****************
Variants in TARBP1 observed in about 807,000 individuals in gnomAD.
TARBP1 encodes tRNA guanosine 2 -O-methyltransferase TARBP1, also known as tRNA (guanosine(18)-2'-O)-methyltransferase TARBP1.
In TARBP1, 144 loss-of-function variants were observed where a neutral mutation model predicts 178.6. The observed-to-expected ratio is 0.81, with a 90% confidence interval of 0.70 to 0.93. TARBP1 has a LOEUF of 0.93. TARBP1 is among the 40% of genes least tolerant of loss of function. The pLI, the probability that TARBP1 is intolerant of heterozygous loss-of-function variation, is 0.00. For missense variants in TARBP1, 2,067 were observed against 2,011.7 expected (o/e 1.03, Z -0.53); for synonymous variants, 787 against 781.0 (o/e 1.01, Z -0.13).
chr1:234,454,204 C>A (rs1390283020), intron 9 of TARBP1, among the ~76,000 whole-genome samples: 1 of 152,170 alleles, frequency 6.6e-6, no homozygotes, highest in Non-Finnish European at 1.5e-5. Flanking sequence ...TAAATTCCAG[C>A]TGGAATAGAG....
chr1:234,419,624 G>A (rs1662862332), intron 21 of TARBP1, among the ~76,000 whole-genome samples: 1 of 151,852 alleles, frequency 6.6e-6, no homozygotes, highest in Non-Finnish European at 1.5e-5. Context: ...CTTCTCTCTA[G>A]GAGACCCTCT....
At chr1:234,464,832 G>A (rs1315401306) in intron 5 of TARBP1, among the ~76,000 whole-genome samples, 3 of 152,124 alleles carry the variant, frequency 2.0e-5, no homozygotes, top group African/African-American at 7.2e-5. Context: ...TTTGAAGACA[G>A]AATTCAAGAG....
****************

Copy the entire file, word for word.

Variants in TARBP1 observed in about 807,000 individuals in gnomAD.
TARBP1 encodes tRNA guanosine 2 -O-methyltransferase TARBP1, also known as tRNA (guanosine(18)-2'-O)-methyltransferase TARBP1.
In TARBP1, 144 loss-of-function variants were observed where a neutral mutation model predicts 178.6. The observed-to-expected ratio is 0.81, with a 90% confidence interval of 0.70 to 0.93. TARBP1 has a LOEUF of 0.93. TARBP1 is among the 40% of genes least tolerant of loss of function. The pLI, the probability that TARBP1 is intolerant of heterozygous loss-of-function variation, is 0.00. For missense variants in TARBP1, 2,067 were observed against 2,011.7 expected (o/e 1.03, Z -0.53); for synonymous variants, 787 against 781.0 (o/e 1.01, Z -0.13).
chr1:234,454,204 C>A (rs1390283020), intron 9 of TARBP1, among the ~76,000 whole-genome samples: 1 of 152,170 alleles, frequency 6.6e-6, no homozygotes, highest in Non-Finnish European at 1.5e-5. Flanking sequence ...TAAATTCCAG[C>A]TGGAATAGAG....
chr1:234,419,624 G>A (rs1662862332), intron 21 of TARBP1, among the ~76,000 whole-genome samples: 1 of 151,852 alleles, frequency 6.6e-6, no homozygotes, highest in Non-Finnish European at 1.5e-5. Context: ...CTTCTCTCTA[G>A]GAGACCCTCT....
At chr1:234,464,832 G>A (rs1315401306) in intron 5 of TARBP1, among the ~76,000 whole-genome samples, 3 of 152,124 alleles carry the variant, frequency 2.0e-5, no homozygotes, top group African/African-American at 7.2e-5. Context: ...TTTGAAGACA[G>A]AATTCAAGAG....